Kindertransport in East Lothian
Imagine you are going on a journey to a far away country. You plan it, you research it, you feel comfortable and you are excited about what lies ahead. Now imagine you are a young child, separated from your parents, sent on a journey to a country you know nothing about, the food is different, the language is different, and you are sent to live with people you do not know. This was the bewildering prospect for over 10,000 Jewish children called the Kindertransportees who arrived in Britain to escape the Nazi persecution of Jews. The journey saved their lives.
November 9–10 1938 saw riots in German cities. These riots were orchestrated to destroy Jewish
livelihoods, and lives. Jewish homes, shops, businesses, community buildings and synagogues were ransacked and destroyed. The Nazis called that night Kristallnacht, the night of broken glass. Over 90 Jewish people died that night, many were beaten and tortured, and 30,000 Jewish men were rounded up and transported to concentration camps. The events of that night resulted in a debate in the House of Commons and the British government agreed to admit an unspecified number of children into the country. The programme was called the Kindertransport. The children were admitted on temporary travel documents, with the aim that they would rejoin their parents when the crisis was over. Of course, many children never saw their parents again.
The first group of Kindertransportees left Germany on December 1, 1938, less than a month after Kristallnacht; the last left on September 1, 1939, just two days before Britain entered into World War II. In that time approximately 10,000 Jewish children came to Britain from Germany, Austria, Poland and Czechoslovakia.
People from all social classes, denominations, and from different parts of the British Isles welcomed these children into their homes. Some children, like Stephan Brent, stayed with generous families who had offered to help (you can read and listen to his story here). Some children had prearranged sponsors in this country, others were sent to hostels or boarding schools. East Lothian played host to some of the Kindertransport children from Vienna and Germany at Whittingehame House, near Stenton. Whittingehame House was the birthplace and home of Lord Balfour, the British Prime Minister from 1902 to 1905. Lord Balfour was a supporter of establishing a Jewish homeland in Palestine, and his nephew Viscount Traprain thought it a fitting tribute to his uncle, who died in 1930, to give refuge to these children. According to an article in the Haddingtonshire Courier in 1939 Whittingehame House was set up as a school to give the children all the necessary skills to establish their homeland.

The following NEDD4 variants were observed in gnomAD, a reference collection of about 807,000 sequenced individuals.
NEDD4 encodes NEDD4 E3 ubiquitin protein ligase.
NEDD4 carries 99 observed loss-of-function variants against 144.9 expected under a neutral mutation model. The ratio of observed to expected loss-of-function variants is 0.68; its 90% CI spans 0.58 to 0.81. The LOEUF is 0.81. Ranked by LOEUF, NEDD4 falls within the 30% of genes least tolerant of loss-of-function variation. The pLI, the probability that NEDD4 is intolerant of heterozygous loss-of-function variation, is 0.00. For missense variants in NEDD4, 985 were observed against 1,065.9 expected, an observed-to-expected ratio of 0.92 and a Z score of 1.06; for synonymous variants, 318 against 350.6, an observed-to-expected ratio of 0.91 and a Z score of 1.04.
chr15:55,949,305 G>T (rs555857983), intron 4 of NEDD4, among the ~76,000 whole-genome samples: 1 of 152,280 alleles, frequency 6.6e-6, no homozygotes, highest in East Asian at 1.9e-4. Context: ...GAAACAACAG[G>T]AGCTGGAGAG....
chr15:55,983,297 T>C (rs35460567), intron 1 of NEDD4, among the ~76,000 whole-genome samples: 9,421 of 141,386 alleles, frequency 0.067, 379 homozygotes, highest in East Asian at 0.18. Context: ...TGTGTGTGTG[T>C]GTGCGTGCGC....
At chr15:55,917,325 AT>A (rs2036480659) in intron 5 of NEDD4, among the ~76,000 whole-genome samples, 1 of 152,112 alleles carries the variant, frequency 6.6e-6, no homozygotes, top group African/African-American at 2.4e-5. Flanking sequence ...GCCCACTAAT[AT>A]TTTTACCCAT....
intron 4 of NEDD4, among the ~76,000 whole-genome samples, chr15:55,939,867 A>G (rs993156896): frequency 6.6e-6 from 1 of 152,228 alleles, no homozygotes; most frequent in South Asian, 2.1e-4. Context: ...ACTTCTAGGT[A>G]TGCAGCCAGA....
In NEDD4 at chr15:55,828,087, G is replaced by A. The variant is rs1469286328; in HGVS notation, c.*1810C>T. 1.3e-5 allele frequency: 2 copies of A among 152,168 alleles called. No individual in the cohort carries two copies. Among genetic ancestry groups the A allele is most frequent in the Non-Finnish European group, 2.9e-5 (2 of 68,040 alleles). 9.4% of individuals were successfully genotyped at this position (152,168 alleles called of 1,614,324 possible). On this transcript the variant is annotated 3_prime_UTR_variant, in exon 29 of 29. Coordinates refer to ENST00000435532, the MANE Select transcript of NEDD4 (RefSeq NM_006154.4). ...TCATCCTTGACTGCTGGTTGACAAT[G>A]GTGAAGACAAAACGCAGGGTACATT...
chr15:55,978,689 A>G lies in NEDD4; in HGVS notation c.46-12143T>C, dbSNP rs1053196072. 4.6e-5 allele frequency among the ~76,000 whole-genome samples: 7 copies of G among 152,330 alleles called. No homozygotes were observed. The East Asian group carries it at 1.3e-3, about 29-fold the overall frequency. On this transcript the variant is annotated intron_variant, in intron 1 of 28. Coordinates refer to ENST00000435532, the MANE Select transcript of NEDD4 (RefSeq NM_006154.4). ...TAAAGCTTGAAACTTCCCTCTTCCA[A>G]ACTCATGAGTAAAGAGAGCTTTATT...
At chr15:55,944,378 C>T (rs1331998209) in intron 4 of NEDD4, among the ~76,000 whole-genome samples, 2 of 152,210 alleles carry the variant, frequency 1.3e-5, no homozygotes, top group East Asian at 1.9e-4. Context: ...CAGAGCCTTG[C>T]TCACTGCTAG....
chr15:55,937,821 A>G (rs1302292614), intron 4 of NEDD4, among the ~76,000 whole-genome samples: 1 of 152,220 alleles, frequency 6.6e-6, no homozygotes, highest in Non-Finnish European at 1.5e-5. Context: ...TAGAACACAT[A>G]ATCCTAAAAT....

The children were to be given general education, taught the English language, and educated in all aspects of agriculture, farming, forestry and gardening. They were also taught handicrafts and there is even a suggestion that a cobbler’s shop would be set up within the house, and that one of the rooms would be turned into a synagogue. The children were not restricted in where they could play in the grounds of the house, and it seems Lady Balfour dammed the river in the grounds of the estate to make an open-air swimming pool that became an ice rink in winter. The children even had their own Scout group and newspaper. The children seemed happy to have left behind the horrors of Vienna and Germany but not their parents, as they knew they might not see them again.
When Germany invaded the Low Countries in May 1940 some of the older children were classified as enemy aliens and were taken from Whittingehame House under armed guard to be held at Lingfield racecourse with other Germans who were Nazis. In August of the same year they were allowed to return to Whittingehame House after the Home Secretary revoked this order – yet another terrifying journey for the youngsters involved. However, their journey to East Lothian and other parts of Britain allowed their story to be told and preserved for future generations.
Read and listen to the story of a boy who came to Scotland as part of the Kindertransport, and who still lives in Haddington: Stephan Brent’s story.
The Vow: rebuilding the Fachler tribe after the holocaust, Yanky Fachler, Trafford Publishing 2003. The story of two Kindertransport children, one of whom came to Haddington and was housed at Whittingehame House and went to Knox Academy – based on their journals. (Available at the Local History Centre library.)
Privy Council Registers for Scotland, pages 436-437/507.
Reminiscence & Notices of Ten Parishes of the County of Haddington by John Martine, edited by E J Wilson, Haddington, 1894, ‘Whittinghame’ pps: 38-57.
The Seven Ages of an East Lothian Parish – Whittingehame, by the Rev. Marshall B Lang, T.D., B.D., Minister of Whittingehame, with a Foreword by Lady Frances Balfour, (1858–1931), Edinburgh, 1929.
Some Wikipedia references
Robert K. Massie, Dreadnought, (Random House Inc., 1991), 313.